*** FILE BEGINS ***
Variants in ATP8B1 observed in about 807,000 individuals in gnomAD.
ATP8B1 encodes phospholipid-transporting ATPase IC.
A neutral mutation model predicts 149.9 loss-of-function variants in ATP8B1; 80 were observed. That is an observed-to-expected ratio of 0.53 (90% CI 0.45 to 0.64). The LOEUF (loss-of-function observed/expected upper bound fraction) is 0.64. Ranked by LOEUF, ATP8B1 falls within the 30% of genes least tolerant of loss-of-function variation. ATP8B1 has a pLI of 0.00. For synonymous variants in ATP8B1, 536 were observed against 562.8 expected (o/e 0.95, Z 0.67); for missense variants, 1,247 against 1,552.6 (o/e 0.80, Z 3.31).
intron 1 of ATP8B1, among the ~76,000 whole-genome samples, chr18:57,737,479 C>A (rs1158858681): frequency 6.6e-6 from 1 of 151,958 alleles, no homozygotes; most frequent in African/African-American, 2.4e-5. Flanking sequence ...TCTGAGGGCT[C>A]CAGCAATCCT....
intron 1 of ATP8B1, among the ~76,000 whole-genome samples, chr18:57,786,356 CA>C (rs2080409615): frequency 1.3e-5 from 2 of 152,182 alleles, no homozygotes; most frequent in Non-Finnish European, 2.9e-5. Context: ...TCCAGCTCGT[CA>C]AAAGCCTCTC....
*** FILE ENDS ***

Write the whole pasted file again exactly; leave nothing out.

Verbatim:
Variants in ATP8B1 observed in about 807,000 individuals in gnomAD.
ATP8B1 encodes phospholipid-transporting ATPase IC.
A neutral mutation model predicts 149.9 loss-of-function variants in ATP8B1; 80 were observed. That is an observed-to-expected ratio of 0.53 (90% CI 0.45 to 0.64). The LOEUF (loss-of-function observed/expected upper bound fraction) is 0.64. Ranked by LOEUF, ATP8B1 falls within the 30% of genes least tolerant of loss-of-function variation. ATP8B1 has a pLI of 0.00. For synonymous variants in ATP8B1, 536 were observed against 562.8 expected (o/e 0.95, Z 0.67); for missense variants, 1,247 against 1,552.6 (o/e 0.80, Z 3.31).
intron 1 of ATP8B1, among the ~76,000 whole-genome samples, chr18:57,737,479 C>A (rs1158858681): frequency 6.6e-6 from 1 of 151,958 alleles, no homozygotes; most frequent in African/African-American, 2.4e-5. Flanking sequence ...TCTGAGGGCT[C>A]CAGCAATCCT....
intron 1 of ATP8B1, among the ~76,000 whole-genome samples, chr18:57,786,356 CA>C (rs2080409615): frequency 1.3e-5 from 2 of 152,182 alleles, no homozygotes; most frequent in Non-Finnish European, 2.9e-5. Context: ...TCCAGCTCGT[CA>C]AAAGCCTCTC....